invoked, yet the court distinctly placed its decision on the ground that, when each overdue premium was received, the company required the assured to sign a celiificate that he was then in good health as a condition of reinstatement. In other words, the court construed what was done on each occasion as tantamount to a readmission of the assured to membership. The case contains nothing in opposition to the views we have expressed. Judgment will be entered for the plaintiff for $5,000, with interest at 6 per cent. per annum from August 24, 1888, to this date.
PIlm v. CHICAGO & A. R. Co.
(Oircuit Court, E. D. Missouri, E. D.
September 27, 1889.);
INJURIES ON RAILROAD TRACKS-PI,EADING.
One who is injured a half mile distant from a cannot assign the violation of Rev. 81. Mo. 806, requiring the ringing of bells and sounding of whistles at railroad crossings, as the proximate cause of his injury.
An allegation that the train was running at a dangerous rate of speed, without showing the relation which that fact sustained to plaintiff's injury, states no cause of action.
But where the petition further alleges that it was plaintiff's duty as watchman to pass over a certain bridge; that it was the duty of all engineers in charge of locomotives to timely warning of their approach to him by sounding the whistle and rInging the bell; but that on the occasion of the injury the engineer negligently failed to do his duty, whereby plaintiff was injured,-it is good on general demurrer.
At Law. On demurrer to petition. Action by John Pike, a watchman on one of defendant's bridges, against the Chicago & Alton Railroad Company, for injuries sustained on such bridge from a passing train. About one-half mile west of this hridgtJ is a publie railroad crossing, and the petition charges that the engineer of the train which caused the injury failed to sound the whistle or ring the bell as it approached the crossing, and that the train was running at a dangerous rate of speed. D. P. Dyer, for plaintiff. R. H. Kern, for defendant. THAYER, J. The supreme court of the state has held that section 806 of the Revised Statutes of Missouri, concerning the ringing of bells and sounding of whistles at railroad crossings, was intended "for the benefit of persons at the road crossing or approaching it;" and that construction of the local law is, of course, binding on us. It results frOtn that view that the plaintiff, who w!].s not hurt at the crossing, but was injured at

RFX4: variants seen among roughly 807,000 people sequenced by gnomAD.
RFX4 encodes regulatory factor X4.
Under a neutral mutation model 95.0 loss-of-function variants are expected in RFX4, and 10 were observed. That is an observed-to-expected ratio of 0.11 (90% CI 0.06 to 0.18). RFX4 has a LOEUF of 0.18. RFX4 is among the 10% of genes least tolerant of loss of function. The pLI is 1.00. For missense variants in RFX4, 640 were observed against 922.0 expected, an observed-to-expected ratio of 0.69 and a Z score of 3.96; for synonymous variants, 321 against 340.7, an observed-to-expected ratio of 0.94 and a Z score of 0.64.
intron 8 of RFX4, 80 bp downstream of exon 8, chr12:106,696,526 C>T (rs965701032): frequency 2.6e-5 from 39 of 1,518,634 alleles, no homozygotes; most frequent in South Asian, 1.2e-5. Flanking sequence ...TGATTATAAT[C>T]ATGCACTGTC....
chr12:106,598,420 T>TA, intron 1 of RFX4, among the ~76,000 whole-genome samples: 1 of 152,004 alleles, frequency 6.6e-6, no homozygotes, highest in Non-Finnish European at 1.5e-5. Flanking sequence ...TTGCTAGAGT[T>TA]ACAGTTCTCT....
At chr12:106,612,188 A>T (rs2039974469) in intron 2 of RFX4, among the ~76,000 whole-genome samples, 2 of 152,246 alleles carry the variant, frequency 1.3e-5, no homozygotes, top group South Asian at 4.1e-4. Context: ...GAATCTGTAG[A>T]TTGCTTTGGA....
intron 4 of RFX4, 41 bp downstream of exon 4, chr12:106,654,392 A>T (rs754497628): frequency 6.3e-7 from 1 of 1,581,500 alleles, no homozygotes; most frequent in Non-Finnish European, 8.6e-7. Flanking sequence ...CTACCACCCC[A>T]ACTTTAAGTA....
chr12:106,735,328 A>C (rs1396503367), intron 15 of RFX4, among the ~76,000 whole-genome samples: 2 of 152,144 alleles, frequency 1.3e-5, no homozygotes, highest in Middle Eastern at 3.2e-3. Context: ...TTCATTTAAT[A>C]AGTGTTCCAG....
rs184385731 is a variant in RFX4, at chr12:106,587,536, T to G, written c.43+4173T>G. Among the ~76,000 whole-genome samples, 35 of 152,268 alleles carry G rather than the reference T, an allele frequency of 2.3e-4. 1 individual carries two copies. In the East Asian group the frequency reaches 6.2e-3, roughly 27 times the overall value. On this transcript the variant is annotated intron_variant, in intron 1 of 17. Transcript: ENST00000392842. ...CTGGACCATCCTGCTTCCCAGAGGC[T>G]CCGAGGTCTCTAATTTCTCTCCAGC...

PREBLE V. BATES.
a bridge a half mile east of the crossing, cannot assign the violation of the st.atutory duty-consisting of not sounding the whistle or ringing the bell at the crossing-as the proximate cause of the injury which he sustained. The statute was not enacted for his benefit. Bell v. Railroad Co., 72 Mo. 58; Evans v. Railroad Co., 62 Mo. 57,58; Rohback v. Railroad Co., 43 Mo. 187. It is also true that the petition in the present case shows no necessary relation between the rate of speed at which the train was running and the injury which plaintiff sustained. The rate of speed may have been dangerous, considering the condition of the track, or for many other reasons, but the relation of cause and effect between a high rate of speed and hurt is not satisfactorily shown by the complaint. Conceding both of these propositions, we still think the complaint will stand the test of a general demurrer, which is all that has been filed. The plaintiff avers that he was employed as watchman on a bridge, and that it was his duty to pass over the bridge, from time to time, to inspect it; that it was the duty of all engineers in charge of locomotives tf} give timely warning to the watchman at said bridge of their approach, by sounding the whistle and ringing the bell; but that, on the occasion in question, the engineer of the train which occasioned the injury negligently failed to sound the whistle and ring the bell, 3S it was his duty to do, and, in consequence of such neglect, plaintiff was hurt. The complaint thus shows very clearly a violation of the common-law duty alleged. and an injury resulting from such neglect. On this ground we hold the petition good, and overrule the demurrer.
August 23, 1889.)
(Oircuit Oourt, D. Ma88achusetls.
NEW TRIAL-NEWLy-DISCOVERED EVIDENCE.
In an action for conversion. of bonds. a witness testified that the words "the property of S." were written across the face of many of them. :Many witnesses testified fordefendants, who were stock-brokers, that snch bonds wonld not be a good delivery in open market. and the court charged that, if the bonds received by defendants were so marked. defendants would be chargeable with notice. Held, after verdict for plaintiff, that a new trial would not be granted defendants on the ground that an inspection of the bonds, discovered after the trial, showed no snch writing on their face. Defendants' evidence showed that they sold certain bonds for a third person in '1879, and while plainti.ff, on cross-examination. denied possession of these bonds. on direct examination she stated that certain of her funds were invested in that kind of bonds of,another sort in 187l:l. She seldom went to her safe. and may not have known abont these bonds. Held, that a verdict that such bonds were plaintiff's wonld not be disturbed.
On motion for new trial.